ILO’S REPORT ON WOMEN LABOUR FORCE
What’s in news?
The recent ILO report says that, Increased participation of women in workforce will lead to better outcomes.
- The International Labour Organization (ILO) recently released its second global report, titled Women in Business and Management: The business case for change.
- After surveying around 13,000 enterprises in 70 countries, the report says that “a critical mass of 30 per cent women” is need by the enterprises “in order to reap the benefits of gender diversity”.
- The report highlights that almost half of the surveyed enterprises reported women holding less than 30 per cent of entry-level management positions.
- enterprises with gender-inclusive cultures are over 60 per cent more likely to have improved profits and productivity.
- Highlighting the gaps in the labour market, across the world, men are still more likely to participate in the labour market than women.
- The average global labour force participation rate of women in 2018 stood at 48.5 per cent, while that of men was 75 per cent. This equates to a 26.5 percentage point gender gap in labour force participation.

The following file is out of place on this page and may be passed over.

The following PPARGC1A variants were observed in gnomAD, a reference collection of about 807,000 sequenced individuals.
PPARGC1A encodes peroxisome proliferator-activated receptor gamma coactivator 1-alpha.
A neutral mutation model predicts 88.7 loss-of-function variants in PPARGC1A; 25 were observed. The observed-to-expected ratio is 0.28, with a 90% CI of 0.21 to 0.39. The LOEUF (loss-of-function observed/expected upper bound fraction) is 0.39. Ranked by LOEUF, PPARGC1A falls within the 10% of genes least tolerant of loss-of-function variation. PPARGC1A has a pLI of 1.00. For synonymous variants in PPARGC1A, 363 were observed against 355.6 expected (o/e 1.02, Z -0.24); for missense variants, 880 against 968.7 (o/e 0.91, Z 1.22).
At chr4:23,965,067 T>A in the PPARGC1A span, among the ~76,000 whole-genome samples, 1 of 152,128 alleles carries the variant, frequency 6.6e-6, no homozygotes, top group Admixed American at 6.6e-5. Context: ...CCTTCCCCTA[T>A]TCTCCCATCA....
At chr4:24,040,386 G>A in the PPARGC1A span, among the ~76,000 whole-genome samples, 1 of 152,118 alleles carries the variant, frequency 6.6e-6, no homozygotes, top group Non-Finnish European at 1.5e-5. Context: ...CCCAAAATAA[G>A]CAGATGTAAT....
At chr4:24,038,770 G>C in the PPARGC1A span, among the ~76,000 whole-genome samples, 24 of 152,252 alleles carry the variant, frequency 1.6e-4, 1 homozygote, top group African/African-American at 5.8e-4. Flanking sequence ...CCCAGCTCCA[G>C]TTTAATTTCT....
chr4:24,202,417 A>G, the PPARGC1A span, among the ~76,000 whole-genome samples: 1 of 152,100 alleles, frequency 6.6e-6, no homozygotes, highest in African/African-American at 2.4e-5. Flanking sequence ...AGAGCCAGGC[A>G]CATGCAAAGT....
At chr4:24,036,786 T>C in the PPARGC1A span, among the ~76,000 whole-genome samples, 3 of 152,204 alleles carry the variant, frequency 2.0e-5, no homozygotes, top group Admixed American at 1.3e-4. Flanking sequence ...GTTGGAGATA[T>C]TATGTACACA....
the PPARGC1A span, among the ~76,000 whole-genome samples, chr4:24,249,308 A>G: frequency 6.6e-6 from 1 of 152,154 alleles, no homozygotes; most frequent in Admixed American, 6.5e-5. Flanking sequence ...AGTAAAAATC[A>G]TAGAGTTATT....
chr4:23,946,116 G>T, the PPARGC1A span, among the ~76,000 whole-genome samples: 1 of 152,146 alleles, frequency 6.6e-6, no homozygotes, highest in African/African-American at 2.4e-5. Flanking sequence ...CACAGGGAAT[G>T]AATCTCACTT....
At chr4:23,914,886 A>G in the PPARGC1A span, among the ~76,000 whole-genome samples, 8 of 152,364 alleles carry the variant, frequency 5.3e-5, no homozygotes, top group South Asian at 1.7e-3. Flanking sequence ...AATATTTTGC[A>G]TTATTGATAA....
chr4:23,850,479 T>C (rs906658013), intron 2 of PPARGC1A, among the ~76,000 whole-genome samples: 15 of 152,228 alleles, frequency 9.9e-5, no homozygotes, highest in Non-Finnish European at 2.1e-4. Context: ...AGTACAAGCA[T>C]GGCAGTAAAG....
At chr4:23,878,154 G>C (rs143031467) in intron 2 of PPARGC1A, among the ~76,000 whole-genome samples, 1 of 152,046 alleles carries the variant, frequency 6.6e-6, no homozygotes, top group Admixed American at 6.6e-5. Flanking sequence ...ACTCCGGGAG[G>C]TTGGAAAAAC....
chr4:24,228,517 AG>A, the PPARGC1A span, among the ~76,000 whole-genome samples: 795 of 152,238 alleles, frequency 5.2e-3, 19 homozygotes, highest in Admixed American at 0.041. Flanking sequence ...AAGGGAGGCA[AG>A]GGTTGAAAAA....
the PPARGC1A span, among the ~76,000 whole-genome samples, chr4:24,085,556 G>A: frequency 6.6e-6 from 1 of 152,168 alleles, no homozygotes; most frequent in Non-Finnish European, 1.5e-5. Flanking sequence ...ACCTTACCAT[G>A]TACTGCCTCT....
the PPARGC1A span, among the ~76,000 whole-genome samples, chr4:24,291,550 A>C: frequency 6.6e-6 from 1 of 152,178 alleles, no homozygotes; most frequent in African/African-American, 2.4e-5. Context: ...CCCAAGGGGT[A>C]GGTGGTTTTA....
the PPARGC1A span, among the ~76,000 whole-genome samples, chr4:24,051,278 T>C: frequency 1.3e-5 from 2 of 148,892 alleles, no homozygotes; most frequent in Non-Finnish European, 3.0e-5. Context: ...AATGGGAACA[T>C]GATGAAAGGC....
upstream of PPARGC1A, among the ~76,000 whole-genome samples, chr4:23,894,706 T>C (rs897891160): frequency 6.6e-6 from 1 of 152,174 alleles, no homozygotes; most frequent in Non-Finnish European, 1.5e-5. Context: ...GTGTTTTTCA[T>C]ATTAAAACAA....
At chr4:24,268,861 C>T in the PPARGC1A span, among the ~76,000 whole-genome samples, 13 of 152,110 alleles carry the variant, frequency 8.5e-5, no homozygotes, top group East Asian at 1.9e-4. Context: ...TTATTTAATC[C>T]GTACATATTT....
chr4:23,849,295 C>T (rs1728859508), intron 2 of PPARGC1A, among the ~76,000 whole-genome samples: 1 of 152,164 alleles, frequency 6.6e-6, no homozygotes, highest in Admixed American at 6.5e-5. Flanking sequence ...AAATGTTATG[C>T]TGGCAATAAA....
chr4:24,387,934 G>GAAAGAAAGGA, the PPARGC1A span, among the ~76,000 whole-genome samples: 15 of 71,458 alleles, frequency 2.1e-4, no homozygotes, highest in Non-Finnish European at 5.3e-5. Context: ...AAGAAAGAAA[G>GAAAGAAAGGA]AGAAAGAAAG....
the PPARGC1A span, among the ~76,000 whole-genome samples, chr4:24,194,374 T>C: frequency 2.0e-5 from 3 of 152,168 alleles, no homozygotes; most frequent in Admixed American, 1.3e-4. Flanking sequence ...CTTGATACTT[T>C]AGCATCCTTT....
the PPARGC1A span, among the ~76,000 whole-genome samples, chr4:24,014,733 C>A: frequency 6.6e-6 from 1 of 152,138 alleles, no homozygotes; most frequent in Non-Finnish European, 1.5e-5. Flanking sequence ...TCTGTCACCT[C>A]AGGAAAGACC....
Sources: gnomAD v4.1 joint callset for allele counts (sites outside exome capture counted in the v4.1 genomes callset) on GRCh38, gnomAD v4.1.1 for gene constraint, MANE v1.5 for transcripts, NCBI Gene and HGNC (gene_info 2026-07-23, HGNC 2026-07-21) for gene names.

- In Asia and the Pacific, the average female labour force participation rate has declined from 52.9 in 1991 to 45.3 per cent in 2018, dropping by 7.6 percentage points.
- If the global gender gap in labour market participation is closed by 25 per cent by 2025, an additional $5.3 trillion would be added to GDP globally, according to the recent study by World Economic Forum.
- In an era of skill shortages, women represent a formidable talent pool that companies aren’t making enough of.
- Smart companies who want to be successful in the global economy should make genuine gender diversity a key ingredient of their business strategy.
- Representative business organizations and employer and business membership organizations must take a lead, promoting both effective policies and genuine implementation.
International Labour Organization:
- The International Labour Organization (ILO) was founded in 1919, its Constitution forming part of the Treaty of Versailles. The ILO became the first specialised agency of the UN in 1946.
- The ILO is the only ‘tripartite’ UN agency. It brings together representatives of governments, employers and workers to jointly shape policies and programmes.
- This unique arrangement gives the ILO an edge in incorporating ‘real world’ knowledge about employment and work.
- Its main aims are to:
- Promote rights at work
- Encourage decent employment opportunities
- Enhance social protection
- Strengthen dialogue in handling work-related issues.